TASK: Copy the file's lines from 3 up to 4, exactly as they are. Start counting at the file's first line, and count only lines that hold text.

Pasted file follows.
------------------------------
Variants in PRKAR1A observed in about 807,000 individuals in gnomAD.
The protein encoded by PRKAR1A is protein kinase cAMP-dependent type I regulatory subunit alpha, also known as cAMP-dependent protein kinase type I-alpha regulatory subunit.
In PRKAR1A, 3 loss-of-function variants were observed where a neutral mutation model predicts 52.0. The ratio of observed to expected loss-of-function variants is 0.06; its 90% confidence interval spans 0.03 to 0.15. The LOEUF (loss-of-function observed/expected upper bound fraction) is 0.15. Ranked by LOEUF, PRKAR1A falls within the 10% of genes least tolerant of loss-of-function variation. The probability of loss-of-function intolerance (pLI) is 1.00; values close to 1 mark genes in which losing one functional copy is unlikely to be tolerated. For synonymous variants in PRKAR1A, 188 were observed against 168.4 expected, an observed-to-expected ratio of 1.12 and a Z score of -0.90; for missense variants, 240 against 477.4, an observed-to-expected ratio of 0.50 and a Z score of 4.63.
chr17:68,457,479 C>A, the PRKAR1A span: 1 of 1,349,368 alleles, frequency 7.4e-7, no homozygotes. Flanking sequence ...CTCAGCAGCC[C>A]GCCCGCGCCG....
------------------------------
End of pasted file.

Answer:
In PRKAR1A, 3 loss-of-function variants were observed where a neutral mutation model predicts 52.0. The ratio of observed to expected loss-of-function variants is 0.06; its 90% confidence interval spans 0.03 to 0.15. The LOEUF (loss-of-function observed/expected upper bound fraction) is 0.15. Ranked by LOEUF, PRKAR1A falls within the 10% of genes least tolerant of loss-of-function variation. The probability of loss-of-function intolerance (pLI) is 1.00; values close to 1 mark genes in which losing one functional copy is unlikely to be tolerated. For synonymous variants in PRKAR1A, 188 were observed against 168.4 expected, an observed-to-expected ratio of 1.12 and a Z score of -0.90; for missense variants, 240 against 477.4, an observed-to-expected ratio of 0.50 and a Z score of 4.63.
chr17:68,457,479 C>A, the PRKAR1A span: 1 of 1,349,368 alleles, frequency 7.4e-7, no homozygotes. Flanking sequence ...CTCAGCAGCC[C>A]GCCCGCGCCG....